MTV Shuga is an award winning TV drama, backed by a radio series, digital and social media platforms and graphic novels. It is the flagship media campaign of the MTV Staying Alive Foundation (SAF), an international content-producing organisation that is dedicated to stopping the spread and implications of HIV/AIDS amongst young people.
Whilst South Africa’s post-apartheid constitution was the first in the world to outlaw discrimination based on sexual orientation and one of the first countries in the world to legalise same-sex marriage, the LGBT population continue to endure significant stigma, discrimination and violence. This in turn impacts the ability of MSM to seek out and engage with culturally-competent healthcare services. Young people across Africa endure a number of issues; specifically, young men who have sex with men (MSM) can be affected by HIV, stigma and discrimination and homophobic violence. MTV Shuga aims to be an effective part of the solution across Africa by embedding imperative sex and relationship lessons as part of youth-oriented entertainment – so-called ‘edutainment’.
For its fifth season, MTV Shuga headed to South Africa. The Positive Action MSM & Transgender Programme supported the inclusion of ‘Reggie’, one of the show’s characters who realises he is gay, as well as a follow-up programme of community outreach. The storyline around this character also addresses some of the issues young gay men may encounter today, including disclosure and acceptance of his sexual preference and dealing with stigma and discrimination.
As a 360 mass-media campaign, MTV Shuga is constantly engaging with young audiences and evolving in order to sustain the project’s resonance with key populations. Ultimately, the campaign aims to inform and educate young audiences in a non-didactic manner. Rather than preaching to young people, the programme seeks to stimulate positive behavioural and attitudinal changes by exposing audiences to the realities that many people encounter. Accordingly, the campaign consists of the following pillars:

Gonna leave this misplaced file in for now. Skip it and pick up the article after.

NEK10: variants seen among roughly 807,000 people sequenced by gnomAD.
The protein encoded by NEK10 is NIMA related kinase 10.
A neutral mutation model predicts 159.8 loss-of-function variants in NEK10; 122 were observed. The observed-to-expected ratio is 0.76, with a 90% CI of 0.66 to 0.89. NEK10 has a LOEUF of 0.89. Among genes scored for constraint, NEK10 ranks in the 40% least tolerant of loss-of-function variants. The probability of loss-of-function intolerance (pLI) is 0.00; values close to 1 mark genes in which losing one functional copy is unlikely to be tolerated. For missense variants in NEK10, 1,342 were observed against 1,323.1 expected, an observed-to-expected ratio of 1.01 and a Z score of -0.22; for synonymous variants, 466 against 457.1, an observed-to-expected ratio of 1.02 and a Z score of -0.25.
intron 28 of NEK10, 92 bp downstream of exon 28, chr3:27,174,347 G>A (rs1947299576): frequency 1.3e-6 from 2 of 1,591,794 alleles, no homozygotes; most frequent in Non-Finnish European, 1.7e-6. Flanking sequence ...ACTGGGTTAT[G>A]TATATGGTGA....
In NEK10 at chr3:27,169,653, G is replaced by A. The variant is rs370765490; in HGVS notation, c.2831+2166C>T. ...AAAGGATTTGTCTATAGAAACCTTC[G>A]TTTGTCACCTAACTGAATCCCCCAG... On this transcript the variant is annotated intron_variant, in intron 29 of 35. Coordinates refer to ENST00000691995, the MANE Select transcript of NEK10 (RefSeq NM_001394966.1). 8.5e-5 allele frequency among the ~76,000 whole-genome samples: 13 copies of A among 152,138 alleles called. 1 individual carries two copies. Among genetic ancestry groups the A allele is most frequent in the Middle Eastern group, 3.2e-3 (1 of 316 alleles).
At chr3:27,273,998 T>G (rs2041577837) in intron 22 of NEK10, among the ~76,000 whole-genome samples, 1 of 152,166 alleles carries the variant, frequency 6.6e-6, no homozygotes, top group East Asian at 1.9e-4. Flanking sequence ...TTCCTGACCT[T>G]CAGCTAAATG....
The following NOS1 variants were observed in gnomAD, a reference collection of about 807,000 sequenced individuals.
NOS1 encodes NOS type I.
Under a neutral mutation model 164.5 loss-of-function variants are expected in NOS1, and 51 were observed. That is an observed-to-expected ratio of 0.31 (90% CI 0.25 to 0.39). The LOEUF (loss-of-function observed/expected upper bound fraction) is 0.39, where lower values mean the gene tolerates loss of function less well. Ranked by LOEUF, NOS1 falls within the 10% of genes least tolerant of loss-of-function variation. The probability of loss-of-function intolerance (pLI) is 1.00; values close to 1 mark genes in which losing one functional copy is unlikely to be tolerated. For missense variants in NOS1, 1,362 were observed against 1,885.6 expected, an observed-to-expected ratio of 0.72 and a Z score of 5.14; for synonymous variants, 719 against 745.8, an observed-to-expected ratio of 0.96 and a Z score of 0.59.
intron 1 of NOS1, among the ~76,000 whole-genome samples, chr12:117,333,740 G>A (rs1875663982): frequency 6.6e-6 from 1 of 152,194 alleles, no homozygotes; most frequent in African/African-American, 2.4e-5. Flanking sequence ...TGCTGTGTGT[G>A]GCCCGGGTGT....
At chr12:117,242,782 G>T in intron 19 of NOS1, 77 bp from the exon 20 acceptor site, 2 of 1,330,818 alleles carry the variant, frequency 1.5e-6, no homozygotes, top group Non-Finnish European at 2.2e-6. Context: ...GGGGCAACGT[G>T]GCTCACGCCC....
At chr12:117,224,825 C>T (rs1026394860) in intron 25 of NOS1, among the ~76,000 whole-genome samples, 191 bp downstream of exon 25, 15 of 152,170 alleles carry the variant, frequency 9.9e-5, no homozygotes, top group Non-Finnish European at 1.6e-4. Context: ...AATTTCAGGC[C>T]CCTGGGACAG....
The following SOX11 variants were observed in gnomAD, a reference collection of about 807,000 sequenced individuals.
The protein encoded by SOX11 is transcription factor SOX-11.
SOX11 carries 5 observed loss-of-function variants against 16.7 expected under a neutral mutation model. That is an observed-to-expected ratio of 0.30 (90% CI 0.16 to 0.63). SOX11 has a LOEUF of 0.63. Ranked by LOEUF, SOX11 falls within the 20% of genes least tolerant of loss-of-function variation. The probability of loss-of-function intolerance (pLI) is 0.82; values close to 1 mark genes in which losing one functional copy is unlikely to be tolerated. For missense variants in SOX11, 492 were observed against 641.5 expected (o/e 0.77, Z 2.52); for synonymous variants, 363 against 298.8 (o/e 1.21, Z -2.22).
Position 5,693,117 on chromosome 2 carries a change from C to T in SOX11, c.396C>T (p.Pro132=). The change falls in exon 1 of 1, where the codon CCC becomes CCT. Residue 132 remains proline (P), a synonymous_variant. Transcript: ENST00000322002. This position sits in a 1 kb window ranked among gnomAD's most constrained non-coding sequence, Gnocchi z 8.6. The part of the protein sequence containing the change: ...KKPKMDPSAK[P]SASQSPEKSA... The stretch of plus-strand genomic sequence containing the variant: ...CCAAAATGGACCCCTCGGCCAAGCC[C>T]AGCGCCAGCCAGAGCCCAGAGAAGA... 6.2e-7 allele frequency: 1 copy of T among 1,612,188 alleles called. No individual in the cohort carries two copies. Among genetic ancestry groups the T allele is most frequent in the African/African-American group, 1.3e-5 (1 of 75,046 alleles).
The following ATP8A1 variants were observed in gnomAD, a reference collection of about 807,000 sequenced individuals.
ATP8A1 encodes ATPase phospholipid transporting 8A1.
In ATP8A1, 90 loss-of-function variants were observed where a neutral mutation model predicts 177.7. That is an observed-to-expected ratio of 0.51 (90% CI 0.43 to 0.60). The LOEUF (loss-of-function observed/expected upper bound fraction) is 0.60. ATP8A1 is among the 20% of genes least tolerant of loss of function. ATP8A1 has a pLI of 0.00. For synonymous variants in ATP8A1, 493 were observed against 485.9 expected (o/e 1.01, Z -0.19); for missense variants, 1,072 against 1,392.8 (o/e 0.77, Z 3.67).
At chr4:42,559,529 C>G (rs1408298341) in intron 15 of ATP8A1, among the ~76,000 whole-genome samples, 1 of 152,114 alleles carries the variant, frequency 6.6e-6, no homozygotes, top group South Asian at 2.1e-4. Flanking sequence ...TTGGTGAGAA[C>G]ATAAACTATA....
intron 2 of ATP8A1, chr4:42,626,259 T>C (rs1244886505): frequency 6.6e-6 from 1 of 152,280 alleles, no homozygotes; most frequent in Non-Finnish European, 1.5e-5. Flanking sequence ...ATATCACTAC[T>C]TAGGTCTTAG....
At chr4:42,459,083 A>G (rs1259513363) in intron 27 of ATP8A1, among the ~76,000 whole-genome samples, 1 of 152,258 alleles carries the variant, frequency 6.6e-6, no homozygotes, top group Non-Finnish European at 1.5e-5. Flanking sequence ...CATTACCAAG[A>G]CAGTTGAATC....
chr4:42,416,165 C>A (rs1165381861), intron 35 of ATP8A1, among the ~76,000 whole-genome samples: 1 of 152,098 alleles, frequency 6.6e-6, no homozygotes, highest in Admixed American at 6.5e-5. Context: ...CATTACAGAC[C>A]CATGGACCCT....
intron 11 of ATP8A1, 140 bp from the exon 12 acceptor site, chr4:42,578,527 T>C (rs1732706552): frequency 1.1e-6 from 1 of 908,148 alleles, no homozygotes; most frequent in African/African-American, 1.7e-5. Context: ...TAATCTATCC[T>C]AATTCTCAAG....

In order to ensure that content (TV show, graphic novel and radio series) accurately reflects the experience of the intended audience, MTV Shuga holds focus groups to establish the issues that adolescents face. Conducting research into the opinions and experiences of the chosen demographic, the team is able to produce hard-hitting, real life content that resonates deeply with young audiences, and allows them to identify with at least one of the many storylines that develop throughout the show. In addition, draft scripts for upcoming campaigns are shared with the focus groups and discussed. The feedback from those focus group discussions is then used to refine the final versions of the scripts.
In all series of MTV Shuga, characters make decisions that affect their lives and others. Some of the characters are truly likeable, others act in a way that we may not understand or agree with. Each of the characters represents a story designed to enable viewers to try to understand and learn from.
This peer educators’ guide for MTV Shuga series 3, represents a new approach to HIV prevention and education. Read it, download it and share it with your circle of friends.
Download the guide here or read it below.
Emmanuel Ikubese surprises peer educators
Partnerships, Funding & Scaling Up
Working closely with local and international non-governmental organisations (NGOs), as well as government departments, MTV Shuga is able to deliver the right information and help to those who need it most. These partnerships enhance the efficacy of the work, as the program develops campaigns to address the specific needs of these demographics.